Fu Guohao, a Global Times website reporter who was illegally detained, restrained with plastic zip ties, verbally abused and beaten by protesters at the Hong Kong International Airport on Tuesday, was discharged from a Hong Kong hospital at noon on Wednesday.
Fu spoke to the media after his discharge from Princess Margaret Hospital in the New Territories of the Hong Kong Special Administrative Region. Though he had some bruises on his face, Fu said he did not suffer serious injury.
Fu thanked the public for their care and concern and said he still loves Hong Kong.
Fu was dispatched by Beijing-based Global Times to cover the mass protests in Hong Kong. The sit-in at the airport that started on Friday virtually paralyzed the operations of the international airport for two days.
Fu, who had been wearing a yellow press vest, had his arms and legs restrained with plastic ties for almost an hour and also had flashlights shined in his eyes. A video of the incident, widely circulated online, shows those that detained him asked him for his press credentials, accused him of being a fake journalist, stripped him of his vest and searched his bags.
While tied up and surrounded by the group, Fu shouted: “I support Hong Kong police. You can beat me now.”
Medics managed to free Fu, but the protesters continued to beat him as he was being taken to an ambulance, the video shows.
The incident led to expressions of shock from around the country. Shortly after Fu was detained and beaten, Global Times Editor-in-Chief Hu Xijin confirmed on his Weibo account that Fu is a reporter for the media organization.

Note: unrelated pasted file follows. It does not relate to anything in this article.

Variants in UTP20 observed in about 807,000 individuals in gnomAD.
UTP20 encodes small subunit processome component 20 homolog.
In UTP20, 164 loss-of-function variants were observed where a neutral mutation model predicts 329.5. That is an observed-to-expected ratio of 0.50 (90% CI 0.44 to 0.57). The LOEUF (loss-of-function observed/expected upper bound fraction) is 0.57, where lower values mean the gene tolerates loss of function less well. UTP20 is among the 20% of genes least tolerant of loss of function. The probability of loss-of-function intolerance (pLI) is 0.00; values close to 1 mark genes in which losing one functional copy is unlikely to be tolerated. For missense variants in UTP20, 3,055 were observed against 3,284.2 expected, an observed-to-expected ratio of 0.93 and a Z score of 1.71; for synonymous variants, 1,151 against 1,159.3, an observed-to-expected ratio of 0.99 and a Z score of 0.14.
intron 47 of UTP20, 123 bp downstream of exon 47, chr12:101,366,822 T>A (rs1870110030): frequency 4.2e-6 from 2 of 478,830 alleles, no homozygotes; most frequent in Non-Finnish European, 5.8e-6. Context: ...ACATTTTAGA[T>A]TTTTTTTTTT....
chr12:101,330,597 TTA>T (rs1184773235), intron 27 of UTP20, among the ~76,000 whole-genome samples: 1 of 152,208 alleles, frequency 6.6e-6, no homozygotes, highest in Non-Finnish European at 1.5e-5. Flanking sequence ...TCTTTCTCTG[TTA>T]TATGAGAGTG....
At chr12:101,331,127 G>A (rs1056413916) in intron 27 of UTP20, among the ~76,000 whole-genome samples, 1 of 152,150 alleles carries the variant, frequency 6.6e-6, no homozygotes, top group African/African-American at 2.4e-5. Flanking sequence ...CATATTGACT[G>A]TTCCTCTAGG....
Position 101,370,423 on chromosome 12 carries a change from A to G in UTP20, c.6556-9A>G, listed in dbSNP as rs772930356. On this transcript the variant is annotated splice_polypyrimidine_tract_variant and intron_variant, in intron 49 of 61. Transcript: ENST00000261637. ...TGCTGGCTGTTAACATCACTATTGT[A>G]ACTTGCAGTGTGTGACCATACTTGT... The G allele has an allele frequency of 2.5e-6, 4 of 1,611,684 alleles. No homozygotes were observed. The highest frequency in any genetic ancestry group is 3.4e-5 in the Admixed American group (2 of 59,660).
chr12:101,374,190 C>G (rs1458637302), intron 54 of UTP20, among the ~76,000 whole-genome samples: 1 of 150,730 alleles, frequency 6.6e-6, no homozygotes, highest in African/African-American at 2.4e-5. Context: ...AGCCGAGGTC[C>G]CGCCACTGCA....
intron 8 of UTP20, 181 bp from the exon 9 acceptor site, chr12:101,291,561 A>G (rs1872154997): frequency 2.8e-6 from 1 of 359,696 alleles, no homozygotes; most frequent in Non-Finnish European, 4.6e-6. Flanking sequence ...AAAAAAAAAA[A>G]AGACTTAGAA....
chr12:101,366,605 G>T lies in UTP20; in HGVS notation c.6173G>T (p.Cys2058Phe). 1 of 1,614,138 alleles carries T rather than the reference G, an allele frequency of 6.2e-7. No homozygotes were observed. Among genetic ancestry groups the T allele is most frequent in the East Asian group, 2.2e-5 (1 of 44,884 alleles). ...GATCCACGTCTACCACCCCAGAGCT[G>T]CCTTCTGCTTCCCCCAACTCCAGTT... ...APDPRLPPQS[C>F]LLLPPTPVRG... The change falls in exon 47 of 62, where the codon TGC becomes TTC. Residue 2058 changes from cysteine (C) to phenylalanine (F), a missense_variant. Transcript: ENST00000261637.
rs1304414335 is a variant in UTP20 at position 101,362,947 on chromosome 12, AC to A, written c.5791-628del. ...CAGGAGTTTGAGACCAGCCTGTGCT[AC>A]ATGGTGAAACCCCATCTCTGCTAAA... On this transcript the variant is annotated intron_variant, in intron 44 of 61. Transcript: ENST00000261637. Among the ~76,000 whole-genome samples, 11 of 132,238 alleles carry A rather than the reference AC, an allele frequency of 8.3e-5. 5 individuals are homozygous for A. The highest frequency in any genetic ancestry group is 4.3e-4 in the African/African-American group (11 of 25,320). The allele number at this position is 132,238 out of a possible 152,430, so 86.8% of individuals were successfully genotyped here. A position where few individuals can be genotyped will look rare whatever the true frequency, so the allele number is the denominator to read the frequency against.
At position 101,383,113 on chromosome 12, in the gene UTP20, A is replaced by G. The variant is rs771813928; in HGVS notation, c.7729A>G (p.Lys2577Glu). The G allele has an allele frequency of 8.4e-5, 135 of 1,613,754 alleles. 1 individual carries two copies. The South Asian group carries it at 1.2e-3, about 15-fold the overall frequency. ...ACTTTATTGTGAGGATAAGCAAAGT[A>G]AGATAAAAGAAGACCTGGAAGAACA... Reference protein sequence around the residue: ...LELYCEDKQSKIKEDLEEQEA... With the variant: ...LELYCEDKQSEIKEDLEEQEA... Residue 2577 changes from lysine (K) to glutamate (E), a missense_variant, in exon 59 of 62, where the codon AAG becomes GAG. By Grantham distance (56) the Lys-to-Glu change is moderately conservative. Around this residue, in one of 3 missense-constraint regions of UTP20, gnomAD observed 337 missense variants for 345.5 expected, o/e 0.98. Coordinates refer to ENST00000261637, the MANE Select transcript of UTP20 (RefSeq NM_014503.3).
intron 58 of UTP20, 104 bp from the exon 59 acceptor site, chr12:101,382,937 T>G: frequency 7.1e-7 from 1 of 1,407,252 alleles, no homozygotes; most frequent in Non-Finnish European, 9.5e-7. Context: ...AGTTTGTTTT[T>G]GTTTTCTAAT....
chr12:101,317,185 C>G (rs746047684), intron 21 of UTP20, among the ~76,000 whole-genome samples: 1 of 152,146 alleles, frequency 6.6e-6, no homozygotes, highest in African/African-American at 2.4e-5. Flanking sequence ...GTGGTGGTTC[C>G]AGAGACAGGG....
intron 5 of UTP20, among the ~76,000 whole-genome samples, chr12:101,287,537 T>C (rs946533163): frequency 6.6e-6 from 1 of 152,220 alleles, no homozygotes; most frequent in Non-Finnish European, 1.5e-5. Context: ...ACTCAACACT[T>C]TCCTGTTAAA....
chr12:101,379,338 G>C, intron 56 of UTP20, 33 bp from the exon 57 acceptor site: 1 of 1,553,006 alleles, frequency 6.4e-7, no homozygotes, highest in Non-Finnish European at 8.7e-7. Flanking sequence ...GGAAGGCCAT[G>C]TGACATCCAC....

Hu said the attack on the reporter was “shameless” and “cowardly”. He urged protesters, who he called “mobs”, to exercise the most basic principle of respect and refrain from hurting journalists.
“If these radical protesters in Hong Kong can conduct a brutal persecution of journalists, then you tell me, should we stop calling you mobs, but instead ‘terrorists’?” Hu said.
On Wednesday, the All-China Journalists Association strongly condemned the attack on Fu. The association expressed its deepest sympathy and highest respect for the reporter.
It said journalists’ personal rights and rights to exercise their profession should not be violated by any means. The brutal attack and illegal detention of the reporter by rioters caused injuries and were violent crimes, it said. The acts violate the legitimate rights and interests of journalists, challenge and insult the global media and trample on press freedom, the association said.
The association said it will work to firmly safeguard the rights of journalists to conduct interviews and it strongly supports them in conducting normal reporting activities. It also urged relevant parties to severely punish those who endanger journalists’ safety and their right to work.
In a letter to Global Times’ Hu, the Hong Kong Association of Media Veterans condemned what happened to Fu. The association, with a membership of more than 1,000 media workers, said Fu has shown the world how to be a professional reporter.
The Hong Kong Federation of Journalists also expressed its strong condemnation of the incident, calling such atrocious acts unacceptable, especially at the city’s airport, a highly visible location used by international travelers.
The Newspaper Society of Hong Kong said it is “deeply concerned that many reporters have been victimized while covering mass rallies in recent months”, including being subject to “insults and attacks to having their reporting activities disrupted”. It said the situation, as shown by what happened at the airport, is getting worse by the day.
The Democratic Alliance for the Betterment and Progress of Hong Kong said what the protesters did to Fu was brutal and reckless. It tainted Hong Kong’s reputation in the international community, the city’s largest political party said in a statement.
The Federation of Trade Unions, the city’s largest union, also denounced the incident, saying that what the rioters did was lawless and in defiance of the city’s rule of law, morality and ethics.
Wang Keju contributed to this story.